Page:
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  2. Those dark camellias are very attractive! Enjoy Rosemoor – I liked the area of the old/original garden but not the new/designer areas at all. We grow that white daisy plant with the grey foliage but we are both stumped re the name.


    1. I don’t get the newest addition cool garden at Rosemoor at all. It doesn’t seem to fit in to the setting and with so much hard landscape isn’t going to mature into it as some of the other areas are gradually doing. Hey Jude named the daisy, sounds vaguely familiar.

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    1. I’ve always thought it should be possible to extract something from a plant that is never attacked by slugs and spray it onto the ones that do. These days you’d think gene editing would do the trick, transfer garlic genes to dahlias. Hostas usually start off OK, unlike dahlias and some others, which get browsed the minute they reach the soil surface.

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    1. I had a lovely day thank you. The trouble with obscure obsessions is you don’t get many chances to have a good blather with someone like minded, there are too few of them.


  3. The red camellias are very lovely. If I had more room I would definitely have more camellias. The white daisy looks like Anthemis punctata subsp. cupaniana or Sicilian chamomile. I also have some flowering alongside Osteospermums, which seem awfully early to me. No sign of my Camassias yet, though the leaves are up.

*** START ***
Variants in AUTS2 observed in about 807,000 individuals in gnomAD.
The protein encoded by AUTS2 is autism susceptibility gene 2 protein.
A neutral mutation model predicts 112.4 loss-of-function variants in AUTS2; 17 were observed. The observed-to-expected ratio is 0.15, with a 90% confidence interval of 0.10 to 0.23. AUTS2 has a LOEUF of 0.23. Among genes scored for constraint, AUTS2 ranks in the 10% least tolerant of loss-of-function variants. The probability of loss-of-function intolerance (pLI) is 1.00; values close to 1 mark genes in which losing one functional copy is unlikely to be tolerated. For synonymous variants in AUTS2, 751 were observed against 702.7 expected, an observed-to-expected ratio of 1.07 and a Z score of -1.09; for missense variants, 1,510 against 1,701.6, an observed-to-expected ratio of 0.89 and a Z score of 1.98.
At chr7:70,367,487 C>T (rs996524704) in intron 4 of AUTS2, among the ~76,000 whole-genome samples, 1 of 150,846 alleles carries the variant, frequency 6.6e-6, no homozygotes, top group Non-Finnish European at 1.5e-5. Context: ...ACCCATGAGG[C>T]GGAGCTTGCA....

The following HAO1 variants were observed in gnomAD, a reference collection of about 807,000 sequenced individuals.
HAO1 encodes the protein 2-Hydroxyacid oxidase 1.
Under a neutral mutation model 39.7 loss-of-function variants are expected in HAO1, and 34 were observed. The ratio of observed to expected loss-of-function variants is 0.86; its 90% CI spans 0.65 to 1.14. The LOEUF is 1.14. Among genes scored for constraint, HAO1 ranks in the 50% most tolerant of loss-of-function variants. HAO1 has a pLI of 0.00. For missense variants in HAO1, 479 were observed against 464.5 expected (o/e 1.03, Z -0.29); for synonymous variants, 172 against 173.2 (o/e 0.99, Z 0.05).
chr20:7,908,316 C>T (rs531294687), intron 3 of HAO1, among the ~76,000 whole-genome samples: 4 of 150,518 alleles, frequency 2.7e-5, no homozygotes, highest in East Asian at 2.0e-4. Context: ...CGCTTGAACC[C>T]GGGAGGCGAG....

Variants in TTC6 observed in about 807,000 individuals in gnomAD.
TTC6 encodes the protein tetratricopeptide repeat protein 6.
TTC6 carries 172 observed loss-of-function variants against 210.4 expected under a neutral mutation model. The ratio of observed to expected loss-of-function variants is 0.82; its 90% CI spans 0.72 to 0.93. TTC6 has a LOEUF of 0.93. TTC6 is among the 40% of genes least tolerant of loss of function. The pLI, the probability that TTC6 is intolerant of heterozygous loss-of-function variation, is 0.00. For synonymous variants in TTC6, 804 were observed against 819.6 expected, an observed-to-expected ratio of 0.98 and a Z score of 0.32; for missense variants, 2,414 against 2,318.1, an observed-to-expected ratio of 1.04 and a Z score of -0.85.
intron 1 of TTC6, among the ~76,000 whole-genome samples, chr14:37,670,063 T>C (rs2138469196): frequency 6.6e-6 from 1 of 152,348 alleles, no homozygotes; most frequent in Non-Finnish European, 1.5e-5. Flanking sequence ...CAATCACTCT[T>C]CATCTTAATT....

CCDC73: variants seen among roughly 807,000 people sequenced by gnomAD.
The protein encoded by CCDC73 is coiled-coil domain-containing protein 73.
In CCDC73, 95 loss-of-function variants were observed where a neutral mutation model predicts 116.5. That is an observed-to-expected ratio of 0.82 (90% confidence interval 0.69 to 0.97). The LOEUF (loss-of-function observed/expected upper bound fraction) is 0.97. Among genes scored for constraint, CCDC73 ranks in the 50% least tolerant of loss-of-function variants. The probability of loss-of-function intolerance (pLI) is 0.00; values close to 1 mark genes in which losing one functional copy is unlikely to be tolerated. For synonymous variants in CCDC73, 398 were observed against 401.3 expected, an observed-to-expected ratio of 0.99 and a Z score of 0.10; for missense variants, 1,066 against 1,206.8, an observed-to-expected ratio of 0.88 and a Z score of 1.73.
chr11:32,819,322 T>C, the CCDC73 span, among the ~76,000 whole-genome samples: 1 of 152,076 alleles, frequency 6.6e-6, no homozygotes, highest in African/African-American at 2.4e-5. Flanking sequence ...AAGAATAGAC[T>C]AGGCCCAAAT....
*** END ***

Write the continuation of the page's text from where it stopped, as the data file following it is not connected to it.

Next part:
1. Camellia ‘Toni Finlay’s Fragrant’ crashed onto my wanted list today, courtesy of the show. I will get the daisy name into my records (yes, I have a garden plant list, sad, I know)


    1. The hosta stems are great though in truth they’re hard to see. The Asphodelus has been a long lasting plant, I’ve been trying to get Asphodelus robustus going, but without much success so far. It’s more branched so showier.


  4. Ah, I can remember ‘Bob Hope’, although I do not remember how we acquired it. We did not grow it though. I do not know why. It just lived and bloomed out in the arboretum, along with all the other stock plants. ‘Night Rider’ looks a bit . . . dark, like the 1982 Trans Am of (almost) the same name.


    1. Oz Blumhardt registered ‘Night Rider’ in 1984, the first episode of the TV show Knight Rider was 1982, featuring the car. I’d never made the connection before but now you point it out, it’s obvious. As a nursery plant ‘Bob Hope’ was a bit of a pain; very slow to get going so took a year or two longer than most to get a saleable plant. Slow growth becomes an advantage eventually though.

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      1. Oh, I do not know if there actually is a connection. That was just a guess.
        You know though, I told my colleague down south that ‘Electra’ rhododendron was named after the car. He believed me. We also grew ‘Taurus’.
        The commonly available camellias that we grew were easy to grow. There were a few odds and ends that needed a bit more work, but they were not in production. Even the Camellia reticulata were not in regular production. We grew only a few for collectors. It would not make sense for us to grow ‘Bob Hope’ if it is slow. I would not have guessed that from its performance in the arboretum. I never asked.